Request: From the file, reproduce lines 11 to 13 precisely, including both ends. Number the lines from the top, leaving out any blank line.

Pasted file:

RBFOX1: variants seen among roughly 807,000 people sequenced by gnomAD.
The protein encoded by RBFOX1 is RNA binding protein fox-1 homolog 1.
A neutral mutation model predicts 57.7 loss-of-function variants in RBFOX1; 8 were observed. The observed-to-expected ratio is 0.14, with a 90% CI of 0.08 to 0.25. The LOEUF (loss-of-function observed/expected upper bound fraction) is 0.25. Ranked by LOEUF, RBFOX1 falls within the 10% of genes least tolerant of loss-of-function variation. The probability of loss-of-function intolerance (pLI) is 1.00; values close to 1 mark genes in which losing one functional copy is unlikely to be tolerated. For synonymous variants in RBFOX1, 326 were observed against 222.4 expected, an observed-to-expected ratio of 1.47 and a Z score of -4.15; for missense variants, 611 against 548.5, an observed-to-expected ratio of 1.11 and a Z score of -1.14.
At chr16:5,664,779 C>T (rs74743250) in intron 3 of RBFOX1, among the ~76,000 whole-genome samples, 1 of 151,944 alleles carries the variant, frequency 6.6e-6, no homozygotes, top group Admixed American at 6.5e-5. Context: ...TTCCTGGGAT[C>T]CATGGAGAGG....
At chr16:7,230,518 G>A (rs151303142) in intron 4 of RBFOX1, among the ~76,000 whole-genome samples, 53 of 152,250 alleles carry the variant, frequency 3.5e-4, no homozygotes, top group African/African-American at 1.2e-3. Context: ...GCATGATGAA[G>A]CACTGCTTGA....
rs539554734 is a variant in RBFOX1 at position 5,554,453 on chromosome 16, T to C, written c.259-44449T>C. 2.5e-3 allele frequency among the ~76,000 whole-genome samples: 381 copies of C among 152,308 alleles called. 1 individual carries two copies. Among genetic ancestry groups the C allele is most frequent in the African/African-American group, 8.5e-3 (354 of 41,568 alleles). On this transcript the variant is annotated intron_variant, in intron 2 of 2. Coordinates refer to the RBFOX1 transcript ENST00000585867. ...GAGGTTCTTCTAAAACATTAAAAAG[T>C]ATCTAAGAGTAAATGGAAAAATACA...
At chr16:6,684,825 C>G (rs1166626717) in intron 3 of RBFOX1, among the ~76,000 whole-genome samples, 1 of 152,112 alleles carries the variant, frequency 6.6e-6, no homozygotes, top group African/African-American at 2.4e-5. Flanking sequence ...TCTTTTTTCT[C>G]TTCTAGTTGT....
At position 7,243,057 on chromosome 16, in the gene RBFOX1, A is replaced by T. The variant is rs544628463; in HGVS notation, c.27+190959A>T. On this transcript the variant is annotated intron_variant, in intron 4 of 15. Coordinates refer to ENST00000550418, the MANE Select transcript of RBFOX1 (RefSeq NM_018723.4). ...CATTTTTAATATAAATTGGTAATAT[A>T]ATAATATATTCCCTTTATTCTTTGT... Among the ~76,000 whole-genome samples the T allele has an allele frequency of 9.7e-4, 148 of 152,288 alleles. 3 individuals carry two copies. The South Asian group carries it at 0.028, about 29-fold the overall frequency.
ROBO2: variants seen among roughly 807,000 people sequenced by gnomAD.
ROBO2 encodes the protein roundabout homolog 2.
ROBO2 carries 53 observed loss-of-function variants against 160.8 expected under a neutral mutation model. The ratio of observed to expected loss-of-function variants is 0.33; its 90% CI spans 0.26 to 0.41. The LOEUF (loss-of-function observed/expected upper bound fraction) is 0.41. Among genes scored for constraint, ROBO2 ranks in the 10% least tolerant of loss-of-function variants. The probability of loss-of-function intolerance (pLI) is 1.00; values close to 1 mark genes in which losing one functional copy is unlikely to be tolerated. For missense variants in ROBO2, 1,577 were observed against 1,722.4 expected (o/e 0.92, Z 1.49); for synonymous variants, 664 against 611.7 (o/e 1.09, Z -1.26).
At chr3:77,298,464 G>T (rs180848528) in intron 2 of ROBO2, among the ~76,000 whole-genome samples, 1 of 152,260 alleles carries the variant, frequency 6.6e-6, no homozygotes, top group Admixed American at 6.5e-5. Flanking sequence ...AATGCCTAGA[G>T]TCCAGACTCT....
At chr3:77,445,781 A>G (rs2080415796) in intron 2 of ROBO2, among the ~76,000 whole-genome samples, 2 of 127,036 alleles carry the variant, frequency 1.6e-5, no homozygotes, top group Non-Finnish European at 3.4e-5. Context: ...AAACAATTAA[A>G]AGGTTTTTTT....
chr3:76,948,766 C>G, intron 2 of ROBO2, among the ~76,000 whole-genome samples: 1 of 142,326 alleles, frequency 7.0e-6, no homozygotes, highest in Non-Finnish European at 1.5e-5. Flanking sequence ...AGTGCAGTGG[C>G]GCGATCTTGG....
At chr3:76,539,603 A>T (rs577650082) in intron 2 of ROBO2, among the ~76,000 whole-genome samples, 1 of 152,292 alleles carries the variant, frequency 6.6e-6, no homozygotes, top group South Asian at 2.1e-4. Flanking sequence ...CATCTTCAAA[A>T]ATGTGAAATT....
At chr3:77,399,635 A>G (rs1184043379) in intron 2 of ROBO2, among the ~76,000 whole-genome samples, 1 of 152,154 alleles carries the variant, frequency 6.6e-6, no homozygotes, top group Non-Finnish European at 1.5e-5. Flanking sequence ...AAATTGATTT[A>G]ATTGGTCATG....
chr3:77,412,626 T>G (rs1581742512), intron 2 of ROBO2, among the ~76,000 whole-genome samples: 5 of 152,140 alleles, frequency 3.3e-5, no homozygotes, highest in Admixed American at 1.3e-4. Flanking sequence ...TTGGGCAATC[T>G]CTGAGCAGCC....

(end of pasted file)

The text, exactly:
ROBO2 carries 53 observed loss-of-function variants against 160.8 expected under a neutral mutation model. The ratio of observed to expected loss-of-function variants is 0.33; its 90% CI spans 0.26 to 0.41. The LOEUF (loss-of-function observed/expected upper bound fraction) is 0.41. Among genes scored for constraint, ROBO2 ranks in the 10% least tolerant of loss-of-function variants. The probability of loss-of-function intolerance (pLI) is 1.00; values close to 1 mark genes in which losing one functional copy is unlikely to be tolerated. For missense variants in ROBO2, 1,577 were observed against 1,722.4 expected (o/e 0.92, Z 1.49); for synonymous variants, 664 against 611.7 (o/e 1.09, Z -1.26).
At chr3:77,298,464 G>T (rs180848528) in intron 2 of ROBO2, among the ~76,000 whole-genome samples, 1 of 152,260 alleles carries the variant, frequency 6.6e-6, no homozygotes, top group Admixed American at 6.5e-5. Flanking sequence ...AATGCCTAGA[G>T]TCCAGACTCT....
At chr3:77,445,781 A>G (rs2080415796) in intron 2 of ROBO2, among the ~76,000 whole-genome samples, 2 of 127,036 alleles carry the variant, frequency 1.6e-5, no homozygotes, top group Non-Finnish European at 3.4e-5. Context: ...AAACAATTAA[A>G]AGGTTTTTTT....